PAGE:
How Hospital Forecasting Just Got Tougher
What does this mean? As Keckley notes: "Ten percent of employers dropped health insurance coverage in the last decade for no other reason than the cost, and another 10% are expected to drop it in the next 10 years. So regardless of what takes place with the Affordable Care Act, the healthcare system will be turned upside down."
Deloitte's recently released 2012 Survey of U.S. Employers, which polled employers with 50 or more workers about the healthcare system, found that most employers do not intend to drop health benefits coverage. However, 9% of companies representing 3% of the workforce anticipate dropping coverage in the next 1-3 years. Still another 10% of companies, representing 13% of the workforce, are unsure about their coverage. The report cites prohibitive cost as the driver that may lead employers to consider dropping healthcare coverage.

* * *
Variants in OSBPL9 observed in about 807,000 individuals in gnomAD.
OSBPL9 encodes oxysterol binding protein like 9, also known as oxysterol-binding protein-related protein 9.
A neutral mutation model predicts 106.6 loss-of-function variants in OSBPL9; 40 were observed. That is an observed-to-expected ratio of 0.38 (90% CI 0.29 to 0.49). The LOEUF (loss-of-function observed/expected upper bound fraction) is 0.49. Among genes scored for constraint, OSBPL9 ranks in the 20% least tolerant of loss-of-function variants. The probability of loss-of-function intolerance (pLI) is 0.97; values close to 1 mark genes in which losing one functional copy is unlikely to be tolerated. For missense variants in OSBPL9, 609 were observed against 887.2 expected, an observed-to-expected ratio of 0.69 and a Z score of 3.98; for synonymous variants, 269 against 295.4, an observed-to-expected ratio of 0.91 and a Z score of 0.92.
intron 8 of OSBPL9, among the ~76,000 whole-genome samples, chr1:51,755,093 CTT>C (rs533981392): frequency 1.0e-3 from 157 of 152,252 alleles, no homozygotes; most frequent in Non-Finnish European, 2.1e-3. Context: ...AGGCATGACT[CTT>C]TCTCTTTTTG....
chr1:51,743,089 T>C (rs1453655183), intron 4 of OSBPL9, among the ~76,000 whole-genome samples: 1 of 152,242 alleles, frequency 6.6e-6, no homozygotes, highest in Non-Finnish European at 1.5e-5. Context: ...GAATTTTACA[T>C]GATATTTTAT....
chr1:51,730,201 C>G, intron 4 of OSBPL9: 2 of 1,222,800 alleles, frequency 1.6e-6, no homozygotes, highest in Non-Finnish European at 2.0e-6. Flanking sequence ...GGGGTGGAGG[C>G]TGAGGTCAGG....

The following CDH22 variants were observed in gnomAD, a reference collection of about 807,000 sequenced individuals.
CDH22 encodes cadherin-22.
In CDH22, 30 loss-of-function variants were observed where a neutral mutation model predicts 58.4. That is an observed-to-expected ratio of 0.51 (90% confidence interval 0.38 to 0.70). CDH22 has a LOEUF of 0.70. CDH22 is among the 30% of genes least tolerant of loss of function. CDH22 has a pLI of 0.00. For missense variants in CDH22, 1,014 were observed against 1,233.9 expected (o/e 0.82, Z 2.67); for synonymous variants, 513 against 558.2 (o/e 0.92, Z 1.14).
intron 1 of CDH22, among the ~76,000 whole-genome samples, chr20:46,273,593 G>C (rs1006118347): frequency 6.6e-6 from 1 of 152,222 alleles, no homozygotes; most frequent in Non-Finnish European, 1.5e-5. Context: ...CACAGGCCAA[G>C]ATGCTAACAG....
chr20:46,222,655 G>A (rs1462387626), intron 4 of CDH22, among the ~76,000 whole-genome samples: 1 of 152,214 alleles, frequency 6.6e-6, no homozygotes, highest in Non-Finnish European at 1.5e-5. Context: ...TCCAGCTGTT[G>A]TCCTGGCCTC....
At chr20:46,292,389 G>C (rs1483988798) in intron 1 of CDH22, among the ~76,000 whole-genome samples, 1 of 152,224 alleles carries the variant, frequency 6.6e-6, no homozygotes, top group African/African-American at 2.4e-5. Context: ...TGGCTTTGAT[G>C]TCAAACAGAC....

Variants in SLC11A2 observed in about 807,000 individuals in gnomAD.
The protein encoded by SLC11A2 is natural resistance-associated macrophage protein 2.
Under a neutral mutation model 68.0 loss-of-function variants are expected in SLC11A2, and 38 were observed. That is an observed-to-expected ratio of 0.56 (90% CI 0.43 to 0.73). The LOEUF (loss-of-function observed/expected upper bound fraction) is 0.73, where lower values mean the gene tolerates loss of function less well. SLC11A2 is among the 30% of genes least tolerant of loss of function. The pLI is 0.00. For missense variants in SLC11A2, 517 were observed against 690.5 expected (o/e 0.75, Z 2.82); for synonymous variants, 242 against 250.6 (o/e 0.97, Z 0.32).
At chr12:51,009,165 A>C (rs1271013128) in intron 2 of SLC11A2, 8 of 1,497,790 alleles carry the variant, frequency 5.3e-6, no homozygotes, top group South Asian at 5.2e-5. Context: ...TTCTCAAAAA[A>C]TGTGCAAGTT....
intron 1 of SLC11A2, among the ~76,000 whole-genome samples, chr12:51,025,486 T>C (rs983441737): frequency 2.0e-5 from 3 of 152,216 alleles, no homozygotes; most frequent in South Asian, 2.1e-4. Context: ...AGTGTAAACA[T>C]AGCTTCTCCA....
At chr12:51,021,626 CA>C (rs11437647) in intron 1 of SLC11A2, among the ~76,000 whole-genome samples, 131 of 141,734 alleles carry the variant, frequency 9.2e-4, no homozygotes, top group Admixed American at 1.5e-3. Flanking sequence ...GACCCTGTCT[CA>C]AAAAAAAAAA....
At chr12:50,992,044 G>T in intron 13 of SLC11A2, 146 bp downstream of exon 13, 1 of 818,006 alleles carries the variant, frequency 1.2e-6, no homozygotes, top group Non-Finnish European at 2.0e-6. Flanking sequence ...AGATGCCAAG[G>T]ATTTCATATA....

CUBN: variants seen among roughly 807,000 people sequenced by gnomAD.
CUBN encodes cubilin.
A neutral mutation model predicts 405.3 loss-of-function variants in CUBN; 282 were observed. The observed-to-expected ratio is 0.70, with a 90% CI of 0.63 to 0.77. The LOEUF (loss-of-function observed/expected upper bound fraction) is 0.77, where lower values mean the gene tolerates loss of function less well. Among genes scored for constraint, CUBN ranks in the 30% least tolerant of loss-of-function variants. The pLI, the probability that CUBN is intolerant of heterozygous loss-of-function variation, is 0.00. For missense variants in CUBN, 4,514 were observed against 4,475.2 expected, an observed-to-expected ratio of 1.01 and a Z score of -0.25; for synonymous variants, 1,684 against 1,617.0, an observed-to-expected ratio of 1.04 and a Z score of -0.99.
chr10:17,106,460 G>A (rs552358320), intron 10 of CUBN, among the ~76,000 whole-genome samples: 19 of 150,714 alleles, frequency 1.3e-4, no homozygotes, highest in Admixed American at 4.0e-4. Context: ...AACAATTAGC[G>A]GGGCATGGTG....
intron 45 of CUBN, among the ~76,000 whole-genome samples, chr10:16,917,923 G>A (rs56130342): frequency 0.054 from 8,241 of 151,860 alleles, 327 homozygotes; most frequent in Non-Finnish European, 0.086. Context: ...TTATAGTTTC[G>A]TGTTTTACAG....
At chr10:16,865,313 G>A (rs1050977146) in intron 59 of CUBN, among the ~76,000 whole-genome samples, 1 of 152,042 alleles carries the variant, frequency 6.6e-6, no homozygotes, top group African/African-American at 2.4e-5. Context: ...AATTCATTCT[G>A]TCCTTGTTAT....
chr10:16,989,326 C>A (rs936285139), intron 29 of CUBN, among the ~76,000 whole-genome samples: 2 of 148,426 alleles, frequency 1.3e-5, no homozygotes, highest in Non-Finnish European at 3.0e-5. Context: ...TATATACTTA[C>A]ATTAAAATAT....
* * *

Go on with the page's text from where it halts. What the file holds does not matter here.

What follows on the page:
The state insurance exchanges pose another conundrum for finance leaders, who won't know how many of their employees may move on to these plans or what the payment rates will be. Insurance exchanges essentially will bring together private health insurance companies, along with a government health insurance option, which will compete for business among individuals and small businesses.
- As Medicare Advantage Cuts Loom, Disagreement Over Program's Stability
- Doctors Feel Pressure to Accept Risk-based Reimbursement
- Surgical Checklists Unused in 10% of Hospitals, CMS Data Shows
- Centralizing the Revenue Cycle Protects the Bottom Line
- CA Fines 8 Hospitals for Medical Errors
- A Fresh Look at End-of-Life Care
- 3 in 4 Patients Want E-mail Consultations
- Heart Attack Patient Costs Skyrocket Beyond 30 Days
- ACGME Chief Sees 'Huge' Risk of Error in Proposed Assistant Physician Licensure
- 3 Insider Tips on Cutting Costs without Strangling Growth